3. Bodies of Water, Born Ruffians, and Bon Iver play Burlington before
4. that WRUV have even more shows with articulate and informative
guests, interesting and educational themes, and live music production
in the 2009 Spring Schedule (*i know i'll get this one!).

Alaina Janack
aka WRUV DJ & Director of Fiscal/Fun(ds)


I wish....
1. To get our impressive Rock Vinyl Collection out of storage and into
the station!
2. The Music Promoters only sent us albums that people will actually listen to.
3. For the love of GOD, that our station will get the redesign it so
desperately needs!

Jess Rahn/DJ Twist
Music Director


1) The Jesus Lizard to make it back to Vermont for their reunion tour.
2) Vermont summer music festival with no Jam bands.
3) Pinball Saloon/Bar with the ultimate juke box music selection by
WRUV & Radiator DJ's.
4) Tick Tick to take over a small dive bar and stop pretending the
Bakery is a secret.
5) Rock and Roller Skate, Music Rink(R).
6) No more Mexican restaurants that suck.

Free Range Chicken


I would like seven pipers piping out remixes of Pavement B-Sides while
ornately decked out in flowers and leaves and waving golden wands in
the air with decided glee and satisfaction, where it will suddenly
turn warm and sunny and we can wiggle our toes in the grass again.

Brooke Morrison
WRUV DJ// Total Music Obsessionist/Enthusiast/Former Rock MD of the
lovely station.


i'd like a competant or better president, legal afterhours in
burlin-ton, a clean vinyl of creamer and ks remix of jason downs
'cherokee', less coal and switches, AAA and a puppy.

DJCapsule wed 0900=1200 90.1 WRUV


Wednesday, December 10, 2008

Simply The Best

This just in from Mr. Colin Clary: Not one, but two, VT bands made indie music blog PopMatters Best Indie Pop of 2008 Top 10 List! And they are — drum roll, please! — The Smittens and The Capstan Shafts. Weird that this came in as I was working on my own top 10 . . .

Anyway, if I could borrow a phrase, "Yow!" Congrats to both bands.

In other news, Higher Ground just announced that Andrew Bird is coming back to town on April 5. It's a Christmas miracle!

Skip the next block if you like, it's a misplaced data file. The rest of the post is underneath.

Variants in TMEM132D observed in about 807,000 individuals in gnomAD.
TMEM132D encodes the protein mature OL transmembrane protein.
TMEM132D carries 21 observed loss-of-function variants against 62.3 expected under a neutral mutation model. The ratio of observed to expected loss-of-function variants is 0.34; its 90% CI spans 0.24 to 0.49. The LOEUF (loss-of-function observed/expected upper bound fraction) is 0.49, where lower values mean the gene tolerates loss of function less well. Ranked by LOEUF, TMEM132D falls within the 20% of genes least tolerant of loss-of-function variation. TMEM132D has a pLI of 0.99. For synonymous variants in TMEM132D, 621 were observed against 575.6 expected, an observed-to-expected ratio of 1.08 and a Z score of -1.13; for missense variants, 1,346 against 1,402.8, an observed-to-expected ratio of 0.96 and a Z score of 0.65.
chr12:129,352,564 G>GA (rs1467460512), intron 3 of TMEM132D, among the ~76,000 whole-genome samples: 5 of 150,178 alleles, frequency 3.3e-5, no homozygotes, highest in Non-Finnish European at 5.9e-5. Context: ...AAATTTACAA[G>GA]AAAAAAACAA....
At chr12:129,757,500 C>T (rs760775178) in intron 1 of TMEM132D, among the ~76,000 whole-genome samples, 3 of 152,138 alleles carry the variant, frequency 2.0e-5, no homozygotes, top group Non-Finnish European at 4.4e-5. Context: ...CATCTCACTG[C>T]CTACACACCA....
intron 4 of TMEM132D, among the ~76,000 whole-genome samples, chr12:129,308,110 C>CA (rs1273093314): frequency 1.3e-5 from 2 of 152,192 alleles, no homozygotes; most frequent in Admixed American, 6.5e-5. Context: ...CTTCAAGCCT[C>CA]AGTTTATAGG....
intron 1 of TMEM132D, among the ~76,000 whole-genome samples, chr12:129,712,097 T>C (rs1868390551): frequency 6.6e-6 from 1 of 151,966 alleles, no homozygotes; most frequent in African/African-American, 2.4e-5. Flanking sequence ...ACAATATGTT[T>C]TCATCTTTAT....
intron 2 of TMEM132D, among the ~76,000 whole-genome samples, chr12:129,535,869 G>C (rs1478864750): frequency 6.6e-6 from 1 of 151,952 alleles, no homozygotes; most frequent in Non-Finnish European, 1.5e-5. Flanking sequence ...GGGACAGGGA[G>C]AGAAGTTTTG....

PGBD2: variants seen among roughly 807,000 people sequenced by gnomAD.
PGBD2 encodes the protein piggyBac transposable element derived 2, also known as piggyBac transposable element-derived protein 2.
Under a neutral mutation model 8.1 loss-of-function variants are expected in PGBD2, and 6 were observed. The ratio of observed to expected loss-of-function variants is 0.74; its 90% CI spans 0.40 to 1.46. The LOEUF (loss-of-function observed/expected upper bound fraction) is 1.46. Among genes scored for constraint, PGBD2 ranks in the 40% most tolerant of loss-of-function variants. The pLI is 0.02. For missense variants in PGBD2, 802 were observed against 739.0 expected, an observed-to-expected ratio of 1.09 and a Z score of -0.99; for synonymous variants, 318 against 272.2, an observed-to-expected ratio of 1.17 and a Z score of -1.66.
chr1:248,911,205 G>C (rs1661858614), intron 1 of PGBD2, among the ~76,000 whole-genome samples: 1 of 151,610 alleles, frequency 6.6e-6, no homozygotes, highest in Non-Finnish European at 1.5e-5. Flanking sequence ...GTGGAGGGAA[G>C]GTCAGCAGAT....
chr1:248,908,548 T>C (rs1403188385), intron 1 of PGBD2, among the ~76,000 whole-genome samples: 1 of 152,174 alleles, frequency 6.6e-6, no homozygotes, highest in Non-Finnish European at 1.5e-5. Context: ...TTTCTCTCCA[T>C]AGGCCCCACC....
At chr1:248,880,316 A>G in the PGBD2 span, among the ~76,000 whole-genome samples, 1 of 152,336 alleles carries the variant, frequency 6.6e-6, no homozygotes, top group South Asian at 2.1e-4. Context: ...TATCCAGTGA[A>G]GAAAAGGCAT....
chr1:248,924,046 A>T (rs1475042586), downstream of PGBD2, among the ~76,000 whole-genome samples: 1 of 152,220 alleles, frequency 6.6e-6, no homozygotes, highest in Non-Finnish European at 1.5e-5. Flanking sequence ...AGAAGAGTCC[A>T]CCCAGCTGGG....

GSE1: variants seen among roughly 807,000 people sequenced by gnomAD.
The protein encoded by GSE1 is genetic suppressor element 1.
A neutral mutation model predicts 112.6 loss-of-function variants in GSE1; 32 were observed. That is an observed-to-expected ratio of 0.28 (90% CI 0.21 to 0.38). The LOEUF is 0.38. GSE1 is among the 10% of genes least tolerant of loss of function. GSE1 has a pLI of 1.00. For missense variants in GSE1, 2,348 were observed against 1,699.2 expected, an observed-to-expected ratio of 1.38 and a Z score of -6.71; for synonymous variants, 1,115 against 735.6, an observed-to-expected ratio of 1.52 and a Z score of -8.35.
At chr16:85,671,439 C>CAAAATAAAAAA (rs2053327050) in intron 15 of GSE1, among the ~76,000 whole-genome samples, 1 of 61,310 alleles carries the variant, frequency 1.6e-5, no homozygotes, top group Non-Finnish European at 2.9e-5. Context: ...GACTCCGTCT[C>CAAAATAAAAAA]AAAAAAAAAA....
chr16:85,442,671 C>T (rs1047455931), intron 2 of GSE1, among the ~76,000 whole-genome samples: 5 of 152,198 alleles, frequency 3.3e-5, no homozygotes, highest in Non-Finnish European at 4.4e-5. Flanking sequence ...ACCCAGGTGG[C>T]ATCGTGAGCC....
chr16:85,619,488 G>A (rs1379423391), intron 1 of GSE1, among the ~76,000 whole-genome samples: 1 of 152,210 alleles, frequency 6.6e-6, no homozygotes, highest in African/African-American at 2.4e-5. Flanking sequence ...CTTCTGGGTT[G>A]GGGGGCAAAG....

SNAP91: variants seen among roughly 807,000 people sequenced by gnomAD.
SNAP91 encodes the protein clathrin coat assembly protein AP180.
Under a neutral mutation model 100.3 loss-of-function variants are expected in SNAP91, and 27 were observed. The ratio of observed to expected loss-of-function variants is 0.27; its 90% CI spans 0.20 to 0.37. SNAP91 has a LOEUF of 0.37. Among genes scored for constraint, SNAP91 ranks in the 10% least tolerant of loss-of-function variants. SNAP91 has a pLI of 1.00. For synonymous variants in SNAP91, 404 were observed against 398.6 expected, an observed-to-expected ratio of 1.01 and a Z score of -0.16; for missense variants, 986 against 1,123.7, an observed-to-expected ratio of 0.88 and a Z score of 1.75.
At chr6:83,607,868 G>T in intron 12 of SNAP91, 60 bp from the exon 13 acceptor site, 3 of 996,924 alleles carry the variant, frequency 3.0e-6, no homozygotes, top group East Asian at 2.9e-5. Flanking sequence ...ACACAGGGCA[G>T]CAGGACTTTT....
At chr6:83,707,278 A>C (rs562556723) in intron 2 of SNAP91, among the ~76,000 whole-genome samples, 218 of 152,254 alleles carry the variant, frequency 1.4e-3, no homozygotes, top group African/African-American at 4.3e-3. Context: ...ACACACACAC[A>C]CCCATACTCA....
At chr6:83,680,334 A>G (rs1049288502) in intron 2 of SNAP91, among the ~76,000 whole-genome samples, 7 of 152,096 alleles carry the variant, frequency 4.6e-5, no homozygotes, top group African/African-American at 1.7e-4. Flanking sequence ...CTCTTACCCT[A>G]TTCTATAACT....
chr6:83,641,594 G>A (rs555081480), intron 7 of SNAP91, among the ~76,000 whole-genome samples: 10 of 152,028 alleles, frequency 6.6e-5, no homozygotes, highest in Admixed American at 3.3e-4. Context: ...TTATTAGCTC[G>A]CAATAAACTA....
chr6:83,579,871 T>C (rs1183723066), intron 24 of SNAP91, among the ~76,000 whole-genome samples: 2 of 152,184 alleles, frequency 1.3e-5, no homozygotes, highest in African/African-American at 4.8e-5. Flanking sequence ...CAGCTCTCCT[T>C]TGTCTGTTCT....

Tuesday, December 09, 2008

A Mighty Wind

Yo yo, Solid State.

I've been meaning to get to this post for a while. But as 7D is ramping up for a double production cycle this week — meaning, publishing two papers in one week — I've been a little backed up in the blog department. My apologies.

Anyway, this press release came in too late for me to do anything with it in last week's paper. But it looks to be a pretty fantastic show, especially for a Wednesday night — honestly, based on my experience at the Monkey on Saturday, which you can read about in the paper tomorrow, Rough Francis alone is worth the price of admission. It is also one of those rare press releases that is actually kind of fun to read and doesn't really require much in the spin department from me. So here it is in its entirety.

(Note: I'm sure your probably thinking to yourself, "Gee, Dan. Reprinting a press release? Isn't that a total cop-out/lazy blogging?" To which I humbly reply, "And how!")

Tick Tick Presents:
White Wind...A Happening...
Wednesday, December 10
At Club Metronome
Doors at 8pm
$6 21+, $10 18+

The Fatal Flaws: 9pm
James Kochalka Superstar: 9:30
The Persian Claws: 10:00
The Vacant Lots: 10:30
Rough Francis: 11:00
Nosebleed Island: 11:30

White Wind...A Happening . . .
White Wind is not a band, White Wind is six bands, White Wind is YOU, White Wind is US, White Wind is intended to be an exploration in sight, sound and experience.  We are challenging our Idea of what a show is, expanding the format of how a show is presented and removing the barrier between artist and YOU/US.  Our hopes are to create an environment where you can move seamlessly between each sound, like the wind.  As your attention turns from band to band throughout the space, you will be literally surrounded and engulfed by a tornado of sight and sound. This will be an unprecedented event (for us, anyway), combining the best of Burlington's high energy sounds with a fresh and psychedelic set-up. 

The Fatal Flaws:
Foofarawk! Foofarawk! Foofarawk! Foofarawk! Foofarawk! Foofarawk! Foofarawk! Foofarawk! Foofarawk! Foofarawk! Foofarawk!

Burlington's no-fi, gritty, no frills, in your face, garage rock project of husband-and-wife duo Chris Beneke and Sasha Rodriguez, that will make you rip your soul out and STOMP, STOMP, STOMP!!

James Kochalka Superstar:
No intro needed, but just in case!

James Kochalka has achieved an international cult following for his idiosyncratic comics and graphic novels as well has for his quirky music. His comics have been translated and published in 8 languages around the globe. He invented the daily diary comic strip (see which has spawned literally dozens of imitators. A small-town rock star, Kochalka performs almost exclusively in his home base of Burlington, VT, yet his music has still managed to make a name for itself with fans around the globe. The three albums that Rykodisc raided songs from to put together the greatest hits collection (Our Most Beloved) all charted on CMJ's top 200.

Although not on Ryko anymore they still rock the socks (or pants) off of Burlington, VT whenever they grace the stage.

The Vacant Lots: